I see a lot of businesses using social media as a means of administering contests, some doing a good job, others not so good. And of course don’t get me started on those businesses (and consultants!) who have been violating Facebook’s rules regarding contests on the platform. Of course much of that is a moot point now that Facebook just relaxed their contest and promotion rules drastically yesterday.
In fact, I feel like the number of contests I’m seeing, particularly on Facebook, has diminished a bit. There was a time when everyone was doing them in an effort to chase down “likes” and build their fan base. Maybe there are fewer because businesses are finally realizing they were violating the Facebook’s Terms of Service, or perhaps it’s because they realized that what they were doing really wasn’t helping them in any real way, outside of a few more likes.
It’s not that contests on social media don’t work. It’s that they don’t work when they aren’t constructed and executed well.
It’s like any other tool in marketing: you have to know how to use them properly to reach your desired goal.
As I look at the contests that I see on social media, and the ones that I’ve been involved with with clients, particularly as I compare the ones that I think work as opposed to those that don’t, there are a few things that stand out in terms of how they were put together and carried out. Here are nine that I think are the most important:
Know your goals
This is the “why” of your contest. Why are you doing it? What are your goals? Are you simply trying to build the number of likes on your fan page or get more followers? Is it about awareness, or about moving people further along in the sales funnel? Are you looking to build a larger email database?
Don’t just do contests because they are there. Do them for a solid reason. Know what your goal is and construct your contest from that point, making sure that there is a clear connection between the contest and the goal.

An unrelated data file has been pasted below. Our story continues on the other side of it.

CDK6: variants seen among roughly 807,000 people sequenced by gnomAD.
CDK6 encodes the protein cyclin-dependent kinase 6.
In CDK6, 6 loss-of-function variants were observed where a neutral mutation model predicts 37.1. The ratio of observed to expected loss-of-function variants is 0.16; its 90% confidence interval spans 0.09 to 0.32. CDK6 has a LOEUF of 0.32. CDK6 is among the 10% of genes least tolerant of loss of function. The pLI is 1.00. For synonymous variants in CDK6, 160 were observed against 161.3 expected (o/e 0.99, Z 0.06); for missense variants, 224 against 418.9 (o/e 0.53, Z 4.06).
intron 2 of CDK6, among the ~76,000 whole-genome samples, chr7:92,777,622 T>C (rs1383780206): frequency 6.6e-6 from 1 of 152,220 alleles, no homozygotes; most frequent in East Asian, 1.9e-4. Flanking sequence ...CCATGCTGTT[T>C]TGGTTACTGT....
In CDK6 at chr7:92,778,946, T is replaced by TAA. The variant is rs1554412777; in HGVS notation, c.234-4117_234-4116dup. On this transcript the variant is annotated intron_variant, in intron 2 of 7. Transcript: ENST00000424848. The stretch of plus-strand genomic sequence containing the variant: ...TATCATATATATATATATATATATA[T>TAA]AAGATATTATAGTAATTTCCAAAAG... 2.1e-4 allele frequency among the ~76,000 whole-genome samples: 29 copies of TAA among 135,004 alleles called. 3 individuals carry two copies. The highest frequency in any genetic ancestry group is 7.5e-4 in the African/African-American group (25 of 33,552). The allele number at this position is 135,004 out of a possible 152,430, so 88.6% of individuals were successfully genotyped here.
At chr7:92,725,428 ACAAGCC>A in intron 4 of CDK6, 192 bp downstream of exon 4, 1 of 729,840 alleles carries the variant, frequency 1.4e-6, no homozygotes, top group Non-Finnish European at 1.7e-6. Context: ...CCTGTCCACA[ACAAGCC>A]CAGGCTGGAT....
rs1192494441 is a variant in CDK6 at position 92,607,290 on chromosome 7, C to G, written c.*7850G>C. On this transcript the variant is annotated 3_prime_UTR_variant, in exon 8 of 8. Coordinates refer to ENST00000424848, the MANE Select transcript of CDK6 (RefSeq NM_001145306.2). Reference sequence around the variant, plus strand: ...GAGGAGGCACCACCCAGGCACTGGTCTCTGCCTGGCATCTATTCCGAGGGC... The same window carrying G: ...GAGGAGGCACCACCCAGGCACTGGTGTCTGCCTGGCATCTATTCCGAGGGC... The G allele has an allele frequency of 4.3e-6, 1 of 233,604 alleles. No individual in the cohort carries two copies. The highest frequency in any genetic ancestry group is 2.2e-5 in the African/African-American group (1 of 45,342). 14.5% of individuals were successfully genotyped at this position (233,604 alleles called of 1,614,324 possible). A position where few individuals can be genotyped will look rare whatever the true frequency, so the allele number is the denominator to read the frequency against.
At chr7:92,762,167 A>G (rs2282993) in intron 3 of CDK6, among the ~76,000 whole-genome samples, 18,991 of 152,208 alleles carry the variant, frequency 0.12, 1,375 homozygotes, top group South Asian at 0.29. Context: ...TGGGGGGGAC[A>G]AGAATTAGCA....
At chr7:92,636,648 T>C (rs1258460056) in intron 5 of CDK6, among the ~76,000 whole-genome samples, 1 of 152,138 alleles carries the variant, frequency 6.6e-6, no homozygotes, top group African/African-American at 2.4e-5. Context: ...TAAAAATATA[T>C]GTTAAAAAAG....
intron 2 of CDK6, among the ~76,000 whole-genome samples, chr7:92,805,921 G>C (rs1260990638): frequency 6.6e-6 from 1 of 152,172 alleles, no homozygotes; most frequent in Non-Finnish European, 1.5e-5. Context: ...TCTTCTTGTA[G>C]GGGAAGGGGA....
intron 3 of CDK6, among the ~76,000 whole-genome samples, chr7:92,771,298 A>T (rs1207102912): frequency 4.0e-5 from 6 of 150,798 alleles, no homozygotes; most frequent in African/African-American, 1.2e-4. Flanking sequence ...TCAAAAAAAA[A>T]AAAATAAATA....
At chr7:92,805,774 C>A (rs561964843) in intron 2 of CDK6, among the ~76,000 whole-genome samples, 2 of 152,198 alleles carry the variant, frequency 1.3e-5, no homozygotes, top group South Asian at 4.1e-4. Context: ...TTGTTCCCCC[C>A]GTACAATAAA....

Choose your prize wisely
This is a big one. Just having an attractive prize might not get people to enter, or it might not get you closer to your goals. I have three main criteria for choosing a prize to giveaway as part of a contest.
1. It needs to be enticing
Your prize needs to be good enough to draw people in and make them want to enter. There is no formula for this as it will vary from business to business and location to location. But a $5 gift card might not be enough to get people to go to the effort of entering, and give you some of their personal information.
2. It can’t be TOO good
While a $5 gift card might not be good enough, you also don’t want to break the bank. Giving away a prize of high value might not just cost too much, but it will also raise expectations. If you give away a $1,000 prize in one contest, any other contests you do in the future will be measured against that one. If you can afford to do that, great! But most small businesses don’t have the resources to sustain a regular stream of contests with expensive prizes.
3. It should be related to your business
There was a time when everyone was giving away iPads. Why? Because Apple did some smart marketing to encourage such contests, and because it seemed as if everyone wanted one. But let’s say you are a restaurant. People will enter your contest to win an iPad, and jump through whatever hoops you give them, because it’s a cool prize. But do they really care about your business? Consider: I am not in the market for a new car. I probably never will be. But if a new car dealer offers a great prize, I’ll like their page and give them my email address for a chance to win. After that, I’ll either ignore them, or unlike their page.
The best prizes are ones that relate to your business. Either a product or service that you offer, or perhaps a gift card that forces them to become a customer. A $50 gift card to a restaurant is great because the only way they can use it is to come into visit you. Then once they’ve tried your food, hopefully they’ll like it enough to stick around.
Collect the right information and use it